BRADENTON, Fla. - In addition to pressures already taking their toll on Florida, such as the mortgage crisis and plummeting real estate sales, the state's economy could be further threatened by climate-change legislation, says a new report by Standard & Poor's.
Public utilities have struggled to keep pace with electricity demand from a fast-growing population and now state and federal legislation is expected to force Florida utilities to build more expensive generating facilities fueled by natural gas, according to the report by analyst Jeffrey Pangerreleased on Friday.
A number of cheaper coal-fired electric plants have been shelved since Gov. Charlie Cristlast year began an initiative to reduce greenhouse gas emissions and require more reliance on renewable energy sources.
"With other options limited, Florida's utilities will increasingly find themselves in a vicious cycle of cost pressures, all of which could threaten the state's economic growth," Panger said. "Florida is, and will increasingly become, a state dependent on natural gas for electric generation, exposing utilities and ratepayers to cost volatility and supply disruptions."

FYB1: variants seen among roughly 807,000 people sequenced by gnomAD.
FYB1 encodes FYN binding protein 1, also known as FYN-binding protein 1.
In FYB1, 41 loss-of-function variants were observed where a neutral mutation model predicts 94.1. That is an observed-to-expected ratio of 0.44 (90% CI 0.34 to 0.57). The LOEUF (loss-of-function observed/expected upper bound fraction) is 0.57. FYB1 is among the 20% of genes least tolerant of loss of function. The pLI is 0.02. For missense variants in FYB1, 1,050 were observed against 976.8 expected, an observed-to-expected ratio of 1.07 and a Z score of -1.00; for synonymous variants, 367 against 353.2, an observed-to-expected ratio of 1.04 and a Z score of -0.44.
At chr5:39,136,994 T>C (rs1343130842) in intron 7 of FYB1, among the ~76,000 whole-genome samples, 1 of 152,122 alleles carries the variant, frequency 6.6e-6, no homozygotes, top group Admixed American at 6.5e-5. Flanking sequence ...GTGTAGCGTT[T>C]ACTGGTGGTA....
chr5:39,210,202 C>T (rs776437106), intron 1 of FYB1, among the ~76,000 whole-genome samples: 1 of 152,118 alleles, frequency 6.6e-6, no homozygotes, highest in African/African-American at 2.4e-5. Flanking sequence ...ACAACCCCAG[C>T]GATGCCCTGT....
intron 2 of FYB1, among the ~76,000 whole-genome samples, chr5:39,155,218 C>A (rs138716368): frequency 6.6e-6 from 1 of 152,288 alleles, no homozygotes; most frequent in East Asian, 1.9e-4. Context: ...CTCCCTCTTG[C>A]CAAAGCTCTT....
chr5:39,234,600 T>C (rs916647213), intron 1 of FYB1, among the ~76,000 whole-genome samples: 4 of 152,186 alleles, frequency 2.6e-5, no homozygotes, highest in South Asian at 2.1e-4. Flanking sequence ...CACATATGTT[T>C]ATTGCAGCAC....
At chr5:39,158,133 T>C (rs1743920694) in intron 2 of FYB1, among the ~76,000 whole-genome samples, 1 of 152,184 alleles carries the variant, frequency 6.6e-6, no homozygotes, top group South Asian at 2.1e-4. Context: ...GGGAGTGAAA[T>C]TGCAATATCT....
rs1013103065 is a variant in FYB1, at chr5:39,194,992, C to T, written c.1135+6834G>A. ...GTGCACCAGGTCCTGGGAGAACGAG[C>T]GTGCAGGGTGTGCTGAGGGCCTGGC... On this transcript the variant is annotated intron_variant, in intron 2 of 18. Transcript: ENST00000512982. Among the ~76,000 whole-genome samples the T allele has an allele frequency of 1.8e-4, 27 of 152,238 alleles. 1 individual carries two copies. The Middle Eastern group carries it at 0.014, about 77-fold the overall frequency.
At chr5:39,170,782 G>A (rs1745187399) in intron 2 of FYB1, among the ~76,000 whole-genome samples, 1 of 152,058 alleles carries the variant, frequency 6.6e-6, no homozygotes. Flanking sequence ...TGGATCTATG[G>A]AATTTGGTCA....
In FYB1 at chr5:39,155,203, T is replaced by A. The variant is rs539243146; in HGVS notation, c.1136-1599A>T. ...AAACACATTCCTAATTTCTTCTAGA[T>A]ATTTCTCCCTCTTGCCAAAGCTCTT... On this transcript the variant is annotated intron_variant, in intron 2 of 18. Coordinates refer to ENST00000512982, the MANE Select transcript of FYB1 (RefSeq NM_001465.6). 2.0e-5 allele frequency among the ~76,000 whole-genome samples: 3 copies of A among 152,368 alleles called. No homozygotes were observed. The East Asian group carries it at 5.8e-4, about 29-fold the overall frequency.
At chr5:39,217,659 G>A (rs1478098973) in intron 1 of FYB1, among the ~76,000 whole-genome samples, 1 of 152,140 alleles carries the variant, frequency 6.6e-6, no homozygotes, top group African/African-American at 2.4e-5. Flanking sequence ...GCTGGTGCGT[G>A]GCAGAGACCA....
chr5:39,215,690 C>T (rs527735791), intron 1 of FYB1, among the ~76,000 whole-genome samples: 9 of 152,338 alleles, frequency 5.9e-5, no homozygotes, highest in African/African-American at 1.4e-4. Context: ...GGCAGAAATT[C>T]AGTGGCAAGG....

Crist has appointed an "Action Team on Energy and Climate Change" that currently is preparing a new state energy policy, including strategies to diversify fuels used to generate electricity that some believe could increase costs for municipal utilities that issue debt. The team's Web site is at www.flclimatechange.us.
"More than 70% of Florida's electricity is generated by fossil fuels which contribute to our state's carbon emissions," Crist has said. "By diversifying, we can reduce greenhouse gas emissions and protect consumers from volatile fuel prices."
In addition to developing a state energy policy, Crist is pushing a climate, energy, and economic development package through this year's session of the Legislature.
His package proposes establishing a renewable fuel standard of at least 5% by 2012 and 10% by 2015 or sooner. It would require utilities to obtain 20% of their annual energy growth through efficiency and conservation measures and it would direct the state Department of Environmental Protection to develop "cap and trade" rules that use markets to achieve greenhouse gas emission reductions.
Crist's energy package is under consideration in this year's legislative session, which began March 4 and runs through May 2.